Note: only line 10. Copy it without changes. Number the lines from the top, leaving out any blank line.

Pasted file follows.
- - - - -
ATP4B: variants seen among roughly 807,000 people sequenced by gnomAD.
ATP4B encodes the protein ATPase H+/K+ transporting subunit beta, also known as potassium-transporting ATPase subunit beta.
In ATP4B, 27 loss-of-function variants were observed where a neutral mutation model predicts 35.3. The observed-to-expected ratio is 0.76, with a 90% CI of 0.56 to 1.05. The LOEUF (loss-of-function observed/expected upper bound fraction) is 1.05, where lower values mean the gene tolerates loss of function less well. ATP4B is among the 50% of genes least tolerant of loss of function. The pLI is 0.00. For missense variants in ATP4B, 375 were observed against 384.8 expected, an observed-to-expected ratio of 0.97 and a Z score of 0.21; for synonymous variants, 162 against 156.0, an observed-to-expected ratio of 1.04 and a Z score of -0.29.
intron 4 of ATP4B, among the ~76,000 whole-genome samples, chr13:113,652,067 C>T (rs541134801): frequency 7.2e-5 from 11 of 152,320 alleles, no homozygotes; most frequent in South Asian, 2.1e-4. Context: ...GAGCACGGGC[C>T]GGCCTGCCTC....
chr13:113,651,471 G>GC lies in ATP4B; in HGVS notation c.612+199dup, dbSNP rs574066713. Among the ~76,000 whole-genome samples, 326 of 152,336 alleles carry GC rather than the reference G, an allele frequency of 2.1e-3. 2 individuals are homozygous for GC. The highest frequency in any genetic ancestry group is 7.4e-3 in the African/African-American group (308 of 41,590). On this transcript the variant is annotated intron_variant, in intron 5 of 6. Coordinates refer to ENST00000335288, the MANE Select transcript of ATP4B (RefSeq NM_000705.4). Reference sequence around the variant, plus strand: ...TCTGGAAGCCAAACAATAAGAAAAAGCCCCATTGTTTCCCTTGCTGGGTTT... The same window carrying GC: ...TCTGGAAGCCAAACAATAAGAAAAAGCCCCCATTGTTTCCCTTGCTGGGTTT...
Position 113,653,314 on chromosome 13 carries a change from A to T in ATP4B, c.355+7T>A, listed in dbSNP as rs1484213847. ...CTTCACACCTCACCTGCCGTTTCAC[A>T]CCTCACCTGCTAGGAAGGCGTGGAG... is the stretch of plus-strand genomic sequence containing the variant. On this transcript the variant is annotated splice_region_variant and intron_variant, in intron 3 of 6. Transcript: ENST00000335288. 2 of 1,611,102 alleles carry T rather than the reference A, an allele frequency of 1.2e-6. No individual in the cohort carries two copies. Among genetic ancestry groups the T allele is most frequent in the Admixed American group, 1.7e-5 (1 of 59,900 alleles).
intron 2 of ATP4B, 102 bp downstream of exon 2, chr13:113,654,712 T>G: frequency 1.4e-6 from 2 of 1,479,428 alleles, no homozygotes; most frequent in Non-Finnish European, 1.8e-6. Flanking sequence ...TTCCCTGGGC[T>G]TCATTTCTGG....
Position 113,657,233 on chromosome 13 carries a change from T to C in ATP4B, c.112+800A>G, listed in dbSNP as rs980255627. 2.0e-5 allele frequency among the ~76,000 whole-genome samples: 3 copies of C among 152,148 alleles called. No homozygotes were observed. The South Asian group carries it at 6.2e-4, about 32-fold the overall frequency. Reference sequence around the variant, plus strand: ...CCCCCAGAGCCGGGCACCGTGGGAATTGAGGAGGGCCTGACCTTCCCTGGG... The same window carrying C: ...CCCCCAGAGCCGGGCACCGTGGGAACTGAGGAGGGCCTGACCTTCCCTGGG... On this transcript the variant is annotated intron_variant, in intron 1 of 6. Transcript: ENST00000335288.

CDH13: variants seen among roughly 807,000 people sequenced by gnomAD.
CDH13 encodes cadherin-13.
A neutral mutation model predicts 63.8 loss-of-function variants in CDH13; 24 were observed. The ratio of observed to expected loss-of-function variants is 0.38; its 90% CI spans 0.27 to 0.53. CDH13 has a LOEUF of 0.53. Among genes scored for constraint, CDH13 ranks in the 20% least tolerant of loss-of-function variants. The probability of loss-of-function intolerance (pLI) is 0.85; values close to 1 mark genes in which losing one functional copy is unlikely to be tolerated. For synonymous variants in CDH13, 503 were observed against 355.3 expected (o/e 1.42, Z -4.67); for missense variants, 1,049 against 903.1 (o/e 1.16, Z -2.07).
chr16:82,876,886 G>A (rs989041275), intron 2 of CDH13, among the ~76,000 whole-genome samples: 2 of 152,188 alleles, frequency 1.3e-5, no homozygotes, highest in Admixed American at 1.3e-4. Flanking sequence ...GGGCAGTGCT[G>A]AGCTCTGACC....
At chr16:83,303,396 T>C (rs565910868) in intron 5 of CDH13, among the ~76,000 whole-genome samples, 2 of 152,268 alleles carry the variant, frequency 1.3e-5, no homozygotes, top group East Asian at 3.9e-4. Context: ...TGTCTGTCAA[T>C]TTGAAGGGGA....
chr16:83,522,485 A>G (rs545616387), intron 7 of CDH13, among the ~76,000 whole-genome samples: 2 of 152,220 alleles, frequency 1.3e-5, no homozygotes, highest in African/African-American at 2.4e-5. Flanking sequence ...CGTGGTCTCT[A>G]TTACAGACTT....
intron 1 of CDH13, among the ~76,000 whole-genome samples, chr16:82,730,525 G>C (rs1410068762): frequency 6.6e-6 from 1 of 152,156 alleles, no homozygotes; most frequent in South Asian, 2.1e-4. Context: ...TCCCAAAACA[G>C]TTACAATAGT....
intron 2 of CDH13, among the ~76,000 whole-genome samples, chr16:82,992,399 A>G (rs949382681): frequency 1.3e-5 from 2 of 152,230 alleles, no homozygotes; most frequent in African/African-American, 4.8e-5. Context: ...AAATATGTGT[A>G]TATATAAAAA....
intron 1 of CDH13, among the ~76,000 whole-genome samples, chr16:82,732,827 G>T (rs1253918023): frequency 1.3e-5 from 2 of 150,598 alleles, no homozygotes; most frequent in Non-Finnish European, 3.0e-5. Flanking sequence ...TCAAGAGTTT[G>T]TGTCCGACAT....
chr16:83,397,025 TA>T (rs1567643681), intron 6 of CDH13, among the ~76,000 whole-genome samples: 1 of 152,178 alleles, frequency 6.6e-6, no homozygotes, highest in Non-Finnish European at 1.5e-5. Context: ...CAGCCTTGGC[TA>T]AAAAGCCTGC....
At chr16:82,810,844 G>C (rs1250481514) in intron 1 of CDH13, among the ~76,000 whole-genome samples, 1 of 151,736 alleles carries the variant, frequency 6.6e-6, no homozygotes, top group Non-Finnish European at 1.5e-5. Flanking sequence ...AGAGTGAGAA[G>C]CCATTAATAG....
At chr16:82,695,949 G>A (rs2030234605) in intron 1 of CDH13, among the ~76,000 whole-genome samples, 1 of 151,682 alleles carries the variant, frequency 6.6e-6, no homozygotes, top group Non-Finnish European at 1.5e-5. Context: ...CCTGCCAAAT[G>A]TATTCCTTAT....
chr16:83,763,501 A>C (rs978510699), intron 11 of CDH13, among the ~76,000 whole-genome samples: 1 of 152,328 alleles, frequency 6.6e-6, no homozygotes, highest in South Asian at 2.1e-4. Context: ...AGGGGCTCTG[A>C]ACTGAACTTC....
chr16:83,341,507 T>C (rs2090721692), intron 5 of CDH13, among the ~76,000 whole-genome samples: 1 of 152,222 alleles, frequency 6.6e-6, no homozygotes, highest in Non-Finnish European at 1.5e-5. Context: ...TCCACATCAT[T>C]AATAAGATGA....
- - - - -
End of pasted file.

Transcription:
CDH13 encodes cadherin-13.